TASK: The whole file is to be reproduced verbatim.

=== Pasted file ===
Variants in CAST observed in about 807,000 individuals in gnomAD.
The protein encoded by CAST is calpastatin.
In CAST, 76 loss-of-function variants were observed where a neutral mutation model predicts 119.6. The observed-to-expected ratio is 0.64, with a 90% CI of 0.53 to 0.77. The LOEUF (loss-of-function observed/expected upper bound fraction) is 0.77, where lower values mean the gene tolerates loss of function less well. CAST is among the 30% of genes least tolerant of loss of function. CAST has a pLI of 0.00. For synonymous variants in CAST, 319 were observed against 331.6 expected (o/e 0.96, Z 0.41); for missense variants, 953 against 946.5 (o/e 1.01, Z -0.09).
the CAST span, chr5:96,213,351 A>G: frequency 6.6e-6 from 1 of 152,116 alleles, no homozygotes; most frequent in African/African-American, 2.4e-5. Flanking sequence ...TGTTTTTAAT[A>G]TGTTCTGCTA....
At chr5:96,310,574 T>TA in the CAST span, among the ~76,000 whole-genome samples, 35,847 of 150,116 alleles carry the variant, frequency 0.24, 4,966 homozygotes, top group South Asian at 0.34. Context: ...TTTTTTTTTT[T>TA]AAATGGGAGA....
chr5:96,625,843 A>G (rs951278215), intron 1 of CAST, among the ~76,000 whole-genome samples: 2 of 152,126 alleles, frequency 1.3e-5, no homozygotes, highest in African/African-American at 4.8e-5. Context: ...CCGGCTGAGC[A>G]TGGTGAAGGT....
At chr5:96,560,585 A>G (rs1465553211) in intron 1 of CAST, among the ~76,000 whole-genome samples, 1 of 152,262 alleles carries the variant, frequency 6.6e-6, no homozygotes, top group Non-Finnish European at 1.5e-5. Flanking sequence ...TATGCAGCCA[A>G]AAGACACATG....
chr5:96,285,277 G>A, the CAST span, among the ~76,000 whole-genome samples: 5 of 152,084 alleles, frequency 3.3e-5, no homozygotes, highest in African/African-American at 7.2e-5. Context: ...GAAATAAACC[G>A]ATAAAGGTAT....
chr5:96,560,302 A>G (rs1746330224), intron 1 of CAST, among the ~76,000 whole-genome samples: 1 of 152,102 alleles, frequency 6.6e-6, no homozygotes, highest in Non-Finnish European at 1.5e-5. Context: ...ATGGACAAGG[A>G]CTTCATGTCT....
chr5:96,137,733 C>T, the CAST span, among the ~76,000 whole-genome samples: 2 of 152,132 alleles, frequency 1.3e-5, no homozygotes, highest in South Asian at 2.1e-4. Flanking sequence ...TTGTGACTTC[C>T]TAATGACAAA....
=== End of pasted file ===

Variants in CAST observed in about 807,000 individuals in gnomAD.
The protein encoded by CAST is calpastatin.
In CAST, 76 loss-of-function variants were observed where a neutral mutation model predicts 119.6. The observed-to-expected ratio is 0.64, with a 90% CI of 0.53 to 0.77. The LOEUF (loss-of-function observed/expected upper bound fraction) is 0.77, where lower values mean the gene tolerates loss of function less well. CAST is among the 30% of genes least tolerant of loss of function. CAST has a pLI of 0.00. For synonymous variants in CAST, 319 were observed against 331.6 expected (o/e 0.96, Z 0.41); for missense variants, 953 against 946.5 (o/e 1.01, Z -0.09).
the CAST span, chr5:96,213,351 A>G: frequency 6.6e-6 from 1 of 152,116 alleles, no homozygotes; most frequent in African/African-American, 2.4e-5. Flanking sequence ...TGTTTTTAAT[A>G]TGTTCTGCTA....
At chr5:96,310,574 T>TA in the CAST span, among the ~76,000 whole-genome samples, 35,847 of 150,116 alleles carry the variant, frequency 0.24, 4,966 homozygotes, top group South Asian at 0.34. Context: ...TTTTTTTTTT[T>TA]AAATGGGAGA....
chr5:96,625,843 A>G (rs951278215), intron 1 of CAST, among the ~76,000 whole-genome samples: 2 of 152,126 alleles, frequency 1.3e-5, no homozygotes, highest in African/African-American at 4.8e-5. Context: ...CCGGCTGAGC[A>G]TGGTGAAGGT....
At chr5:96,560,585 A>G (rs1465553211) in intron 1 of CAST, among the ~76,000 whole-genome samples, 1 of 152,262 alleles carries the variant, frequency 6.6e-6, no homozygotes, top group Non-Finnish European at 1.5e-5. Flanking sequence ...TATGCAGCCA[A>G]AAGACACATG....
chr5:96,285,277 G>A, the CAST span, among the ~76,000 whole-genome samples: 5 of 152,084 alleles, frequency 3.3e-5, no homozygotes, highest in African/African-American at 7.2e-5. Context: ...GAAATAAACC[G>A]ATAAAGGTAT....
chr5:96,560,302 A>G (rs1746330224), intron 1 of CAST, among the ~76,000 whole-genome samples: 1 of 152,102 alleles, frequency 6.6e-6, no homozygotes, highest in Non-Finnish European at 1.5e-5. Context: ...ATGGACAAGG[A>G]CTTCATGTCT....
chr5:96,137,733 C>T, the CAST span, among the ~76,000 whole-genome samples: 2 of 152,132 alleles, frequency 1.3e-5, no homozygotes, highest in South Asian at 2.1e-4. Flanking sequence ...TTGTGACTTC[C>T]TAATGACAAA....